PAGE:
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Takeaway: Join us for a call with Dr. James Miller, recent Undersecretary of Defense for Policy, on the choices facing the next President.
The next President will face huge defense policy issues as soon as he/she is sworn in on January 20: how to deal with Russia, China and ISIS, the split between defense and non-defense discretionary spending and massive recapitization bills for the nuclear triad as well as conventional forces. Priorities will be established early and choices must be made. Both campaigns have already begun thinking about these decisions. We announce the first of a series of calls prior to the election on this theme.
Join us in an important call with Dr. James Miller, someone who has "been there and done that" and is in the know when dealing with all of these topics. Dr. Miller will illluminate what he considers to be the top three issues and then take questions from listeners.
As Under Secretary of Defense for Policy from May 2012 to January 2014, Dr. Miller served as the principal civilian advisor to the Secretary of Defense on strategy, policy, and operations. He served as Principal Deputy Under Secretary of Defense for Policy, from April 2009 to May 2012. For his accomplishments, he was awarded the Department of Defense’s highest civilian award, the Medal for Distinguished Public Service four times, twice by Secretary Gates, and by Secretaries Panetta and Hagel. He also received the Chairman of the Joint Chiefs of Staff’s Joint Distinguished Civilian Award.
Dr. Miller is President of Adaptive Strategies, LLC, which provides consulting to private sector clients on strategy development and implementation, international engagement, and technology issues. He serves on the Board of Directors for the Atlantic Council, and on the Board of Advisors for the Center for a New American Security and Endgame, Inc. He is a member of the International Institute for Strategic Studies, and the Department of Defense Science Board.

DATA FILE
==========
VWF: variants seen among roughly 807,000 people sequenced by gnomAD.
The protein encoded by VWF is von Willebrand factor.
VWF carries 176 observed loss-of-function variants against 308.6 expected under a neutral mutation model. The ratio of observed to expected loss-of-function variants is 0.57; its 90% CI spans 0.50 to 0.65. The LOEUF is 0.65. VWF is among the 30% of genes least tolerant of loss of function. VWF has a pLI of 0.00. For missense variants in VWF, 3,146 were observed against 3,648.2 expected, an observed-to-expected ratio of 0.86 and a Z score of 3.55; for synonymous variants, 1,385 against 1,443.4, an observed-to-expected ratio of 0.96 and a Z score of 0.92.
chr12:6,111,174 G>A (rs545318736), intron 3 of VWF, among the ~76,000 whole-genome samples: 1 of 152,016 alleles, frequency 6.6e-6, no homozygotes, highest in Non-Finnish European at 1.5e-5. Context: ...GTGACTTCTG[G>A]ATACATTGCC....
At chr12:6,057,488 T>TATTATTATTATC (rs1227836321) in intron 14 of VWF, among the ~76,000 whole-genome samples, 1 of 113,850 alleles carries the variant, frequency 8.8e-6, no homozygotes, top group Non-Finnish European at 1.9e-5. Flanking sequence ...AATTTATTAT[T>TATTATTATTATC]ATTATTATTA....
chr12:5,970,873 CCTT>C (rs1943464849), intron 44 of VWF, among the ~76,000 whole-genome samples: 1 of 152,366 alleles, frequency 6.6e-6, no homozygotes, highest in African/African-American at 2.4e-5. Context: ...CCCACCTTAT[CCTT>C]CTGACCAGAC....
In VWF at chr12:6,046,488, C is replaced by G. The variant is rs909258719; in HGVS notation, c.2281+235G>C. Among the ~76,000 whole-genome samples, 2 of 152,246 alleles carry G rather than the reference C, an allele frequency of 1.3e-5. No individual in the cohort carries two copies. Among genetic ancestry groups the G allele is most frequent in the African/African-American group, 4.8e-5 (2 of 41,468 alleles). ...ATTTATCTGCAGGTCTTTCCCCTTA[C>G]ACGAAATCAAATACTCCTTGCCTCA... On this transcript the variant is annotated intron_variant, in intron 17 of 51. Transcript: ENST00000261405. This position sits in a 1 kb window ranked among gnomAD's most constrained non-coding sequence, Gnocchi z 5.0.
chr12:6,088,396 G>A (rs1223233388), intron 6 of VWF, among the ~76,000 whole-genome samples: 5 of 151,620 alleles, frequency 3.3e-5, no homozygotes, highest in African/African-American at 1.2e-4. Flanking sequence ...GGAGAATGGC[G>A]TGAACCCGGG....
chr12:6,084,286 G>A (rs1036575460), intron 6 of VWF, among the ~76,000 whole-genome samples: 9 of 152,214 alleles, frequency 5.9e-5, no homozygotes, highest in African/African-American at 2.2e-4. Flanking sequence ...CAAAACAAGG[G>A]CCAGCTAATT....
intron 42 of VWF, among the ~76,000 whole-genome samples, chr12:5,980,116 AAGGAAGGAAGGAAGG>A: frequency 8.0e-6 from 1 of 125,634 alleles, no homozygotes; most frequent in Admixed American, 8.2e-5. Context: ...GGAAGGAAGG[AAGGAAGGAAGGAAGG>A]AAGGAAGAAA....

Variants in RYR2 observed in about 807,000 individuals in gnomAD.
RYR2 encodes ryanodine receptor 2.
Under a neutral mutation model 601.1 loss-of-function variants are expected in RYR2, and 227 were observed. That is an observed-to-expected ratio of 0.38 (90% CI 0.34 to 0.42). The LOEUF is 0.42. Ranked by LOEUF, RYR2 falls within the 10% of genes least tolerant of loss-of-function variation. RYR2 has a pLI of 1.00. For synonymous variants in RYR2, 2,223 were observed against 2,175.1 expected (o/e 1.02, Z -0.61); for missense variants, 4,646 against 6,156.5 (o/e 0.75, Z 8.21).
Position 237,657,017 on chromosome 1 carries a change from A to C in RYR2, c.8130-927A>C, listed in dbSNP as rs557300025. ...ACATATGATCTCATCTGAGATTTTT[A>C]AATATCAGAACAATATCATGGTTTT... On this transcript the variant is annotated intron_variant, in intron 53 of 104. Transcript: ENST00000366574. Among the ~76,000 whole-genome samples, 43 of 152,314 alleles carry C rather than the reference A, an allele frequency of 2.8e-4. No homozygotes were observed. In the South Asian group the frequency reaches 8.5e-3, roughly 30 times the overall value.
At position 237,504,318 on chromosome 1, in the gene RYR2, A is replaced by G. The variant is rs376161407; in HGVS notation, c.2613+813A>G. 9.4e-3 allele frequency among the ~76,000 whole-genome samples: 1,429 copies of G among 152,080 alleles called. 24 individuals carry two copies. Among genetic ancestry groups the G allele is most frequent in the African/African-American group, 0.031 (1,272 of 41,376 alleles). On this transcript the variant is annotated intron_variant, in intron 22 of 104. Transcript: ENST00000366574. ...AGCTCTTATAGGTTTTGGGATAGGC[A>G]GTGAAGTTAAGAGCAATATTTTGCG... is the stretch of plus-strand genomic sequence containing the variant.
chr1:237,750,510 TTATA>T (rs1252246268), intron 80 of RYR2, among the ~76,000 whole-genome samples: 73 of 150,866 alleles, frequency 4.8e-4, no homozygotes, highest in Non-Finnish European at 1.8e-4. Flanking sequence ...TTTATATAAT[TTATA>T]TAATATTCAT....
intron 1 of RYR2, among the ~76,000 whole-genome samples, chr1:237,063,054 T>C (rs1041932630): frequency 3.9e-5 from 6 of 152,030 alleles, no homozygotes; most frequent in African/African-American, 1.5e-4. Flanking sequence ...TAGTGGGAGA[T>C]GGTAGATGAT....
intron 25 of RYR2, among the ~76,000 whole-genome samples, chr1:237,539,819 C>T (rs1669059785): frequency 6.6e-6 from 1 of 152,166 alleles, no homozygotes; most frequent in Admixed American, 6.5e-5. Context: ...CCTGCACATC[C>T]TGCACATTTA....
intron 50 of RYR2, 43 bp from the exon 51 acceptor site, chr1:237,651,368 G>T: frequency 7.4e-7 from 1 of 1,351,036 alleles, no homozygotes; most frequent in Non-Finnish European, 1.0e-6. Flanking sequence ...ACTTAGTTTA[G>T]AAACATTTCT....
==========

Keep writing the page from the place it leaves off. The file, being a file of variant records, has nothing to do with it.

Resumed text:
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Takeaway: North Korea's nuclear test makes the commander-in-chief question in the campaign real.
Editor's Note: The note below was written by Hedgeye Potomac Research Senior Defense Policy Advisor LtGen Emerson "Emo" Gardner USMC Ret. For more info on our institutional research email email@example.com.
If it had been an earthquake that measured 5.3 on the Richter scale
...North Korea's fifth nuclear test would be considered "moderate", one of over a thousand such occurrences that happen each year. The impact will be far greater than "moderate" on the campaign and on US defense policy and activity over the coming months.
This was the most powerful North Korean test yet, estimated to be between 10 and 20 kilotons, approximately the size of the Hiroshima bomb, "Little Boy". North Korea's second test this year comes just 16 days after North Korea's better than expected test of a submarine-launched ballistic missile (SLBM) that went over 300 miles before landing inside Japan's Air Defense Identification Zone (ADIZ). North Korea has claimed that its nuclear test was of a missile-sized payload.
While we do not believe that North Korea has the capability to put the two capabilities together yet, it will - and well within the first term of the next President. Pacific commanders have become increasingly concerned about the rate of North Korean progress. Although the test was not unanticipated and fits into the well-known North Korean pattern of seeking concessions through aggressive behavior, the actual event shows the apparent ineffectiveness of sanctions. Those sanctions had just been increased to the "toughest yet" in March and President Obama has been in Asia for the last week calling for more.
One of the two Presidential candidates who talked about everything but what is really important about being the next commander-in-chief during Matt Lauer's pathetic job interviews on Wednesday night will have to decide how the US is going to stop Kim Jong Un from getting these tools.
A preemptive strike against North Korean capabilities has always been on the US menu of options. While an effective strike against North Korean nuclear or missile launch facilities can be done, the concept is no slam dunk. North Korea has been preparing to be attacked for decades. The 10 million people of Seoul are extremely vulnerable to well-concealed North Korean artillery and no amount of preemptive strikes will be totally effective against their use.
Nevertheless, the probability of a US preemptive strike happening over the next twelve months has increased.
- The North Koreans will do something provocative again soon. President Obama is certain to tighten the screws further on North Korea and may even get Chinese support. North Korea almost always reacts to such pressure by ratcheting up the tension or doing something provocative.
- Both candidates will try to out tough-talk each other on this issue as it moves to the top of the pile of steaming campaign fodder and one of them is going to be elected.
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Email firstname.lastname@example.org for more info on our institutional research
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